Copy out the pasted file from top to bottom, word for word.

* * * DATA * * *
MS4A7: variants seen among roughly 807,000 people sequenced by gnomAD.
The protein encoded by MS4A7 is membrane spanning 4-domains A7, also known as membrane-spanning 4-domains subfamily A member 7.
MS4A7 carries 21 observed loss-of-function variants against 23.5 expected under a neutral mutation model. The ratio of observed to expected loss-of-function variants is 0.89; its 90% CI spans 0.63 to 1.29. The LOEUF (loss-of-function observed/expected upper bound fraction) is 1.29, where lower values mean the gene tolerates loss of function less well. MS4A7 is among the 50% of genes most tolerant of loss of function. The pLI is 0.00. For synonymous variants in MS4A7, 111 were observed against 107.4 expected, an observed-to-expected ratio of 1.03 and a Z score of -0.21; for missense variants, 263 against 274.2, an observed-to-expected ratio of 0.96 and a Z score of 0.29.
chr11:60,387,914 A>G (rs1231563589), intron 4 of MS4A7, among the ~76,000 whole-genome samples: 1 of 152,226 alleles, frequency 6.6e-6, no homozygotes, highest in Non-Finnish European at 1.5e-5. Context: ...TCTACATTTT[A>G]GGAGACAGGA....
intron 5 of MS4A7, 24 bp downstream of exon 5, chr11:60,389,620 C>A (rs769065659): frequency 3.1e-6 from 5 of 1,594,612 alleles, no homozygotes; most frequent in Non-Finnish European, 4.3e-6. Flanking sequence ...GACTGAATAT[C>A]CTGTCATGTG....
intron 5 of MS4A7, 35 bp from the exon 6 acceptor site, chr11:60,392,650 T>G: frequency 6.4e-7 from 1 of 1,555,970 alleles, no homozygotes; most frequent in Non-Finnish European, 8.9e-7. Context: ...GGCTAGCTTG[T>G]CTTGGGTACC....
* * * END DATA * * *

MS4A7: variants seen among roughly 807,000 people sequenced by gnomAD.
The protein encoded by MS4A7 is membrane spanning 4-domains A7, also known as membrane-spanning 4-domains subfamily A member 7.
MS4A7 carries 21 observed loss-of-function variants against 23.5 expected under a neutral mutation model. The ratio of observed to expected loss-of-function variants is 0.89; its 90% CI spans 0.63 to 1.29. The LOEUF (loss-of-function observed/expected upper bound fraction) is 1.29, where lower values mean the gene tolerates loss of function less well. MS4A7 is among the 50% of genes most tolerant of loss of function. The pLI is 0.00. For synonymous variants in MS4A7, 111 were observed against 107.4 expected, an observed-to-expected ratio of 1.03 and a Z score of -0.21; for missense variants, 263 against 274.2, an observed-to-expected ratio of 0.96 and a Z score of 0.29.
chr11:60,387,914 A>G (rs1231563589), intron 4 of MS4A7, among the ~76,000 whole-genome samples: 1 of 152,226 alleles, frequency 6.6e-6, no homozygotes, highest in Non-Finnish European at 1.5e-5. Context: ...TCTACATTTT[A>G]GGAGACAGGA....
intron 5 of MS4A7, 24 bp downstream of exon 5, chr11:60,389,620 C>A (rs769065659): frequency 3.1e-6 from 5 of 1,594,612 alleles, no homozygotes; most frequent in Non-Finnish European, 4.3e-6. Flanking sequence ...GACTGAATAT[C>A]CTGTCATGTG....
intron 5 of MS4A7, 35 bp from the exon 6 acceptor site, chr11:60,392,650 T>G: frequency 6.4e-7 from 1 of 1,555,970 alleles, no homozygotes; most frequent in Non-Finnish European, 8.9e-7. Context: ...GGCTAGCTTG[T>G]CTTGGGTACC....